Shining light on Aβ and ApoE – partners in crime in Alzheimer’s disease

Rohini Subrahmanyam

A collaborative study led by Sudipta Maiti, Tata Institute of Fundamental Research (TIFR), Mumbai, sheds light on the deadly partnership between ApoE (Apolipoprotein E) and Aβ (amyloid-beta) — two major protein players in Alzheimer’s disease. Their innovative FLIM (fluorescence lifetime microscopy) imaging approach offers potential value for drug development, promising better disease prediction and treatment strategies, and holding implications for neurological health and therapeutics.

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Image for representation only. Credits: Pixabay

A healthy brain is usually buzzing with activity. The neurons — a major brain cell — are rapidly relaying messages to one another across the synapses that connect them. In patients with Alzheimer’s disease, however, this carefully coordinated system begins to collapse.

The neurons start dying and the astrocytes — another major brain cell — start malfunctioning. Beginning with a loss of stored memories and eventually leading to losing control over the simplest of actions — ultimately, Alzheimer’s disease can end up being fatal. 

One of the main culprits behind the devastating mental decline associated with the disease is a seemingly innocuous protein called amyloid-beta (Aβ). It insidiously starts clumping together to form plaques, which — once they accumulate — begin a deadly rampage, destroying synapses and killing cells. Undoubtedly Aβ is toxic, but the question perturbing most scientists is — what does Aβ do to the cells that triggers their eventual demise? Sudipta Maiti, Professor, Tata Institute of Fundamental Research (TIFR), Mumbai, decided to turn this question on its head. 

Instead, he wondered, what does the cell do to Aβ, such that it transforms into a killer?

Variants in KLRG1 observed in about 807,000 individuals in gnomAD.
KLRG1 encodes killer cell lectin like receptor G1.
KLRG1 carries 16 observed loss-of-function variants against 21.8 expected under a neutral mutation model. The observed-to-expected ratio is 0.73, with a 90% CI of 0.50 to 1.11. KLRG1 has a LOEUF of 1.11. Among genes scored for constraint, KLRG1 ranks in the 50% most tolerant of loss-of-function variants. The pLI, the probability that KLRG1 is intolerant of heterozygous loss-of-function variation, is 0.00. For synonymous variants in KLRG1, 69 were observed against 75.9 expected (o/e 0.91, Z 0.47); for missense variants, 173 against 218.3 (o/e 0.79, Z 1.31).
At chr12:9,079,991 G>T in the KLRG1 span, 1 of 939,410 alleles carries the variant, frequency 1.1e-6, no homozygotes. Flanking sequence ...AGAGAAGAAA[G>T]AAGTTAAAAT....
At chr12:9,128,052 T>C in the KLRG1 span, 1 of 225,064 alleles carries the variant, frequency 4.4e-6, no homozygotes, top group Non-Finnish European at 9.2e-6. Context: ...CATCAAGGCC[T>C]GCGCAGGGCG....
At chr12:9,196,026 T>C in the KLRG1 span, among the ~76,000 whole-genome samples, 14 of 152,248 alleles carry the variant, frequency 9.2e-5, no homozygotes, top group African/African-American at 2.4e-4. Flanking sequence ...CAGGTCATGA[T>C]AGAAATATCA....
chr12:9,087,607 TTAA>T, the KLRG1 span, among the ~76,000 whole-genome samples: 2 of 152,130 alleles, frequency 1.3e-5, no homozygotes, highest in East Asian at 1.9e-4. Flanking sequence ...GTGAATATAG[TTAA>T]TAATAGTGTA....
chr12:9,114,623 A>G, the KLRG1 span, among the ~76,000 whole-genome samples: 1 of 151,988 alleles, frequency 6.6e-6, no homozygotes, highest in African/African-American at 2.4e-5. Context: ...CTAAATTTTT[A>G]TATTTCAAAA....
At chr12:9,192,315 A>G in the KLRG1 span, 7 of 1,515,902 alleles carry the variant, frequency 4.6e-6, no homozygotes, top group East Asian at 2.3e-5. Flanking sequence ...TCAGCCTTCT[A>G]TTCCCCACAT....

The fat-carrying protein Apolipoprotein E (ApoE) is one clue. Most patients with Alzheimer’s disease have a particular variant of this gene that in some manner increases their risk of developing the disease later in life. Maiti hypothesised that ApoE’s ominous presence may not be just a coincidence. And indeed, in a paper published recently in ACS Chemical Neuroscience, Maiti and his colleagues report that ApoE and Aβ interact in a way that increases the toxicity of Aβ in cells.

To study Aβ, Arpan Dey, a graduate student in Maiti’s lab, turned towards fluorescence lifetime microscopy (FLIM). Using a synthetic Aβ protein that is tagged with a fluorescent molecule, he looked at how the fluorescence lifetime, or just lifetime” of Aβ — which is how long it remains fluorescent — changes when it is added to the cells. He found that the Aβ protein lifetime decreases in neurons and astrocytes — cells with an inherently higher amount of ApoE.

So clearly ApoE was affecting Aβ, but Maiti was interested in the molecules in this interplay. The Aβ protein exists in an oligomeric” form, where multiple molecules of Aβ cling loosely together — when two cling together it’s called a dimer, when three do, it’s a trimer and so on. Dey figured out that ApoE was not only affecting the Aβ protein lifetime, but it was also causing it to form more dimers – thus hinting that the dimers could be the dangerous version of Aβ. When he prevented the ApoE and Aβ from interacting, the lifetime went back to being longer, and the toxic effects of Aβ also reduced.

For the final clincher, Maiti teamed up with Odity Mukherjee at Institute for Stem Cell and Regenerative Medicine (InStem), Bangalore. Mukherjee’s group had access to induced pluripotent stem cells (iPSCs) — cells which have the power to become any cell in the body — from patients with Alzheimer’s disease. They turned these iPSCs into neurons, mashed the neurons up, and gave the extracts to Dey and Maiti. When Dey studied the fluorescently tagged Aβ proteins in these extracts, he found that as before, the Aβ lifetime decreased and its propensity to make dimers increased.

Maiti believes that measuring the highly quantifiable lifetime of Aβ would be a good way to test its toxicity, especially while screening potential drugs. 

This is something that has been missing from the field forever, a molecular parameter related to Aβ, which you can measure and tell whether a drug is having some effect.

He now plans to use iPSCs from patients with different variants of ApoE, to check if the riskiest variant, ApoE4, affects Aβ lifetime and toxicity.

Deepak Nair, Associate Professor, Indian Institute of Science (IISc), Bangalore, is convinced of the diagnostic potential of the study. Nair said, 

What is interesting is that this group has used FLIM and single-molecule strategies, that means they wanted a classical way to image something and see how the disease progression can be predicted. 

He added, The earlier you can understand these changes the better you can understand the progression.”